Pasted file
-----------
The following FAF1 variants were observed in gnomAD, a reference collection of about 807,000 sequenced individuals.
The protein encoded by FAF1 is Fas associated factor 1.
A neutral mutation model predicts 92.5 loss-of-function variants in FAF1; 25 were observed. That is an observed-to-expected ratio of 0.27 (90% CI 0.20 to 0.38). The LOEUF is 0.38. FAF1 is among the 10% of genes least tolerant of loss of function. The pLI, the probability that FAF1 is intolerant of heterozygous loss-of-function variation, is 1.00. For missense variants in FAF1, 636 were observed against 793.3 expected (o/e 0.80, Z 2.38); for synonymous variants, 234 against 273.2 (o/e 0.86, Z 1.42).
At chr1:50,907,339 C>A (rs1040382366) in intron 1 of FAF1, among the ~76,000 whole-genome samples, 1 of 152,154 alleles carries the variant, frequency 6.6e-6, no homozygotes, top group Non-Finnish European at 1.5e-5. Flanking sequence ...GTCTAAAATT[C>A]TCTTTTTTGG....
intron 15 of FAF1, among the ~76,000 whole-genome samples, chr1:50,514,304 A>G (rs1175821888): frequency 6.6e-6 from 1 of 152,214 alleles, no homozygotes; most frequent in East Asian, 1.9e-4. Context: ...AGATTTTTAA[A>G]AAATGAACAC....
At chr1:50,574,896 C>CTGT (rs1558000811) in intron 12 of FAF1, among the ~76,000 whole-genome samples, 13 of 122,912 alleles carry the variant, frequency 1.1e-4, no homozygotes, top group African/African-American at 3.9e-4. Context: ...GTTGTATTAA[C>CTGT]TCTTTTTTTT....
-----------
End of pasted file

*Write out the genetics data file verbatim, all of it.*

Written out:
The following FAF1 variants were observed in gnomAD, a reference collection of about 807,000 sequenced individuals.
The protein encoded by FAF1 is Fas associated factor 1.
A neutral mutation model predicts 92.5 loss-of-function variants in FAF1; 25 were observed. That is an observed-to-expected ratio of 0.27 (90% CI 0.20 to 0.38). The LOEUF is 0.38. FAF1 is among the 10% of genes least tolerant of loss of function. The pLI, the probability that FAF1 is intolerant of heterozygous loss-of-function variation, is 1.00. For missense variants in FAF1, 636 were observed against 793.3 expected (o/e 0.80, Z 2.38); for synonymous variants, 234 against 273.2 (o/e 0.86, Z 1.42).
At chr1:50,907,339 C>A (rs1040382366) in intron 1 of FAF1, among the ~76,000 whole-genome samples, 1 of 152,154 alleles carries the variant, frequency 6.6e-6, no homozygotes, top group Non-Finnish European at 1.5e-5. Flanking sequence ...GTCTAAAATT[C>A]TCTTTTTTGG....
intron 15 of FAF1, among the ~76,000 whole-genome samples, chr1:50,514,304 A>G (rs1175821888): frequency 6.6e-6 from 1 of 152,214 alleles, no homozygotes; most frequent in East Asian, 1.9e-4. Context: ...AGATTTTTAA[A>G]AAATGAACAC....
At chr1:50,574,896 C>CTGT (rs1558000811) in intron 12 of FAF1, among the ~76,000 whole-genome samples, 13 of 122,912 alleles carry the variant, frequency 1.1e-4, no homozygotes, top group African/African-American at 3.9e-4. Context: ...GTTGTATTAA[C>CTGT]TCTTTTTTTT....